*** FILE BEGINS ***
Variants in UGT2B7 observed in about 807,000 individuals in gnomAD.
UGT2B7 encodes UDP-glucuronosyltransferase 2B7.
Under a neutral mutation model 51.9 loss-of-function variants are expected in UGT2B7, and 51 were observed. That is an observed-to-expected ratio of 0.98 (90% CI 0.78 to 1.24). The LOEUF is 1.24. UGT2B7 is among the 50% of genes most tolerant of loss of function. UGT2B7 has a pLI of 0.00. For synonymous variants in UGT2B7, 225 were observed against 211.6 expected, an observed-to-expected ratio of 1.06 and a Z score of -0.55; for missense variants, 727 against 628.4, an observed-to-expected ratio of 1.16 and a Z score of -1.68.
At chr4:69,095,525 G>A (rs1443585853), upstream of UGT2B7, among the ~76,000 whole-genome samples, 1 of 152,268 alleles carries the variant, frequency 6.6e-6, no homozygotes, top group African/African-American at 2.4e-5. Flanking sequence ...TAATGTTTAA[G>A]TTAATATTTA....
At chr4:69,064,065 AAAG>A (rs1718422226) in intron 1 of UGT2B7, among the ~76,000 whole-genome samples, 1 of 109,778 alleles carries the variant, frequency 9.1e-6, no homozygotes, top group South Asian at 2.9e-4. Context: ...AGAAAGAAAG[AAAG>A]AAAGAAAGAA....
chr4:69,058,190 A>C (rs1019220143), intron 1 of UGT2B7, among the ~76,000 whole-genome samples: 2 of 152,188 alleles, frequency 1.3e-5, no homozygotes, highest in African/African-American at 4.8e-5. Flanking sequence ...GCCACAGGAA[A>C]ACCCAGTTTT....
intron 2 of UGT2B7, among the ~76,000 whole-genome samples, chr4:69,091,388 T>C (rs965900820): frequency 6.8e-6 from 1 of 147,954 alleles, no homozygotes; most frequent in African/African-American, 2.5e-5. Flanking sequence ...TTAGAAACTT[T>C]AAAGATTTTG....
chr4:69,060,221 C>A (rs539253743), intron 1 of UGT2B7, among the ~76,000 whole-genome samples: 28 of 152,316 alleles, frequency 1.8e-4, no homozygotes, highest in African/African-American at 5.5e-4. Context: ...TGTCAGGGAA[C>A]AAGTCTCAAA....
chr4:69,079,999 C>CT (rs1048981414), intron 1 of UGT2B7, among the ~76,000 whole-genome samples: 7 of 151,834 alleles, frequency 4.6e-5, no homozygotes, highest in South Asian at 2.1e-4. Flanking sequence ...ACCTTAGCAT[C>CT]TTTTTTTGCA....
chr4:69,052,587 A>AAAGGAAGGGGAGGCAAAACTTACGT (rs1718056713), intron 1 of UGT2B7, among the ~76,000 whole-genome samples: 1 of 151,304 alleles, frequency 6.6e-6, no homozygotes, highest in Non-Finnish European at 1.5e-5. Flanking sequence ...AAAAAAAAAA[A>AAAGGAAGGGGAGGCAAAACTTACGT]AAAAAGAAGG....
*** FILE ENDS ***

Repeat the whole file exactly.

Variants in UGT2B7 observed in about 807,000 individuals in gnomAD.
UGT2B7 encodes UDP-glucuronosyltransferase 2B7.
Under a neutral mutation model 51.9 loss-of-function variants are expected in UGT2B7, and 51 were observed. That is an observed-to-expected ratio of 0.98 (90% CI 0.78 to 1.24). The LOEUF is 1.24. UGT2B7 is among the 50% of genes most tolerant of loss of function. UGT2B7 has a pLI of 0.00. For synonymous variants in UGT2B7, 225 were observed against 211.6 expected, an observed-to-expected ratio of 1.06 and a Z score of -0.55; for missense variants, 727 against 628.4, an observed-to-expected ratio of 1.16 and a Z score of -1.68.
At chr4:69,095,525 G>A (rs1443585853), upstream of UGT2B7, among the ~76,000 whole-genome samples, 1 of 152,268 alleles carries the variant, frequency 6.6e-6, no homozygotes, top group African/African-American at 2.4e-5. Flanking sequence ...TAATGTTTAA[G>A]TTAATATTTA....
At chr4:69,064,065 AAAG>A (rs1718422226) in intron 1 of UGT2B7, among the ~76,000 whole-genome samples, 1 of 109,778 alleles carries the variant, frequency 9.1e-6, no homozygotes, top group South Asian at 2.9e-4. Context: ...AGAAAGAAAG[AAAG>A]AAAGAAAGAA....
chr4:69,058,190 A>C (rs1019220143), intron 1 of UGT2B7, among the ~76,000 whole-genome samples: 2 of 152,188 alleles, frequency 1.3e-5, no homozygotes, highest in African/African-American at 4.8e-5. Flanking sequence ...GCCACAGGAA[A>C]ACCCAGTTTT....
intron 2 of UGT2B7, among the ~76,000 whole-genome samples, chr4:69,091,388 T>C (rs965900820): frequency 6.8e-6 from 1 of 147,954 alleles, no homozygotes; most frequent in African/African-American, 2.5e-5. Flanking sequence ...TTAGAAACTT[T>C]AAAGATTTTG....
chr4:69,060,221 C>A (rs539253743), intron 1 of UGT2B7, among the ~76,000 whole-genome samples: 28 of 152,316 alleles, frequency 1.8e-4, no homozygotes, highest in African/African-American at 5.5e-4. Context: ...TGTCAGGGAA[C>A]AAGTCTCAAA....
chr4:69,079,999 C>CT (rs1048981414), intron 1 of UGT2B7, among the ~76,000 whole-genome samples: 7 of 151,834 alleles, frequency 4.6e-5, no homozygotes, highest in South Asian at 2.1e-4. Flanking sequence ...ACCTTAGCAT[C>CT]TTTTTTTGCA....
chr4:69,052,587 A>AAAGGAAGGGGAGGCAAAACTTACGT (rs1718056713), intron 1 of UGT2B7, among the ~76,000 whole-genome samples: 1 of 151,304 alleles, frequency 6.6e-6, no homozygotes, highest in Non-Finnish European at 1.5e-5. Flanking sequence ...AAAAAAAAAA[A>AAAGGAAGGGGAGGCAAAACTTACGT]AAAAAGAAGG....